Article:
Report reveals ministries failed to follow trans job quota

FSC declares report unsatisfactory; orders to submit detailed report before next hearing

Our Correspondent November 02, 2022
Transgender and social activists protest the discriminatory attitudes of government and civic authorities. The members demand the implementation of the two per cent job quota promised to them by the governemnt. PHOTO COURTESY: GENDER INTERACTIVE ALLIANCE


The Federal Shariat Court (FSC) was told on Wednesday that the data of jobs given to transgenders from 36 ministries showed that none of the ministries followed the quota outline in the 2018 act.

A report submitted by the Ministry of Human Rights further stated that no jobs were given in Sindh under the Transgender Act, 2018 and the data for Punjab was incomplete.

The revelations were made during the hearing of cases related to the rights of transgenders in the FSC. A two-member bench headed by Justice Syed Muhammad Anwar heard the cases.

The FSC declared the human rights ministry's report unsatisfactory and ordered it to submit a detailed report before the next hearing.

Read Shariat Court scolds JUI-F over trans act

Justice Anwar remarked that the law was meant to protect the rights of transgender people. “A law was made in 2018, why was it not implemented?” asked Justice Anwar.

Jamaat-e-Islami (JI) Senator Mushtaq Ahmed Khan told the court that 28,000 people approached NADRA after the law was passed.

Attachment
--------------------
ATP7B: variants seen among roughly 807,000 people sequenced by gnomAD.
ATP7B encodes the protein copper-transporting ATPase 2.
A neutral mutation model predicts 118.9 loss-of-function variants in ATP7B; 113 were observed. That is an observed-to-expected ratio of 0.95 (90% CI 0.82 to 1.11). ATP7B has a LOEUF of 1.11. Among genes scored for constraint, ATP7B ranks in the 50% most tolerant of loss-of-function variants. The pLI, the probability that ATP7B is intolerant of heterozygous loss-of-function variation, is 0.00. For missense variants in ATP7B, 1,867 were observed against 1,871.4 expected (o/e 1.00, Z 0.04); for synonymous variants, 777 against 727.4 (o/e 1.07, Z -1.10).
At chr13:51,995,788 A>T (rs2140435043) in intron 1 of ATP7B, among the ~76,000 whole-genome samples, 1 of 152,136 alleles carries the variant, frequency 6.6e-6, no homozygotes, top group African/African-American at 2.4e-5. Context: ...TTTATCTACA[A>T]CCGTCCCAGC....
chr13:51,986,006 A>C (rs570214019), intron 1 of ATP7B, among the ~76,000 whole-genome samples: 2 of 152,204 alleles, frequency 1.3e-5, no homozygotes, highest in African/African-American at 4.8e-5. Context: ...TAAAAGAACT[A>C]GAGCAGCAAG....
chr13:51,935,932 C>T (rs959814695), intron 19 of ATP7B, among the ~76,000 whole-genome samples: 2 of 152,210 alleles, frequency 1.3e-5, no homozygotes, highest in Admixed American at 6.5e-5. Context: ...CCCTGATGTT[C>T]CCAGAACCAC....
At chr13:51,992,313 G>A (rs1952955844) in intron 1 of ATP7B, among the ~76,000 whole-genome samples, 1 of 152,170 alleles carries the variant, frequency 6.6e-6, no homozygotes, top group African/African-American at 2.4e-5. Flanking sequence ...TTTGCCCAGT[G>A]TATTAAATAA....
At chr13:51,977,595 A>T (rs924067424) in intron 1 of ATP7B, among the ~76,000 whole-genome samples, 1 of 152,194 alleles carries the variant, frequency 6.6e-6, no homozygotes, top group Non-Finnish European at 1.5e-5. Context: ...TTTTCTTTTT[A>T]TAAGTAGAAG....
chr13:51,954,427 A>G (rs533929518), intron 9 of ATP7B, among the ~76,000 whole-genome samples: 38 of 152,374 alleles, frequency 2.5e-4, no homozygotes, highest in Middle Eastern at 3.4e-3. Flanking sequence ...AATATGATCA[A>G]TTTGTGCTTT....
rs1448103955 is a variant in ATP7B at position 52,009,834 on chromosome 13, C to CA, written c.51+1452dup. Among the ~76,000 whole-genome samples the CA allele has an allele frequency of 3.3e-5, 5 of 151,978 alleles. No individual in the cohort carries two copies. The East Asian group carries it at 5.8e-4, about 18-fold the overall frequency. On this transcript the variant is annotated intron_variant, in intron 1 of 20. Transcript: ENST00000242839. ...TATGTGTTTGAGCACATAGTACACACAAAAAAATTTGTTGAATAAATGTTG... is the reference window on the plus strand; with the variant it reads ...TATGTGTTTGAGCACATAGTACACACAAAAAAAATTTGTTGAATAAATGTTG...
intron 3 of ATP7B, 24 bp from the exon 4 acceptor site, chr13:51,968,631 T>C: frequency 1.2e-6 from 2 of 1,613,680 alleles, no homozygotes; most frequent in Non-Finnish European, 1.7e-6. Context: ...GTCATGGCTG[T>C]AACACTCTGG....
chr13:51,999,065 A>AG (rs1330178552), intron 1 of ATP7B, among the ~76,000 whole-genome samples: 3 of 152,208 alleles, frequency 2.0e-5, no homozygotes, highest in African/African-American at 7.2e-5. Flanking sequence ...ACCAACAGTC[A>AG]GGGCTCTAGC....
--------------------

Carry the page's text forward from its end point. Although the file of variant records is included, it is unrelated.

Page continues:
“During these five years, a large amount of funds was received for the welfare of transgender people. The court should ask the government for a report on where the funds were spent,” added the senator.

After hearing Khan’s comments, the court ordered the Ministry of Human Rights to give a written reply to the points raised by the senator, and adjourned the hearing of the case till November 10.

Read more JUI-F moves Shariat court against transgender act

The 2018 Act

Enacted in 2018, the Transgender Persons (Protection of Rights) Act recognises the identity of the transgender people, prohibits discrimination against them, and confers upon them the right to self-perceived gender identity.

The law ensures issuance of certificate of identity to transgender persons, provides that no establishment shall discriminate against them in matters relating to employment, and provide for grievance redressal mechanism in each establishment.

The law also allows transgender persons to register according to self-perceived gender identity with the National Database and Registration Authority (NADRA). However, some quarters objected to the law, saying that people can register themselves under any gender at will.

Under the law, the transgender persons have the right to inherit, education, employment, vote, hold public office, health, assembly, property; access to public places; and guarantee of fundamental rights.


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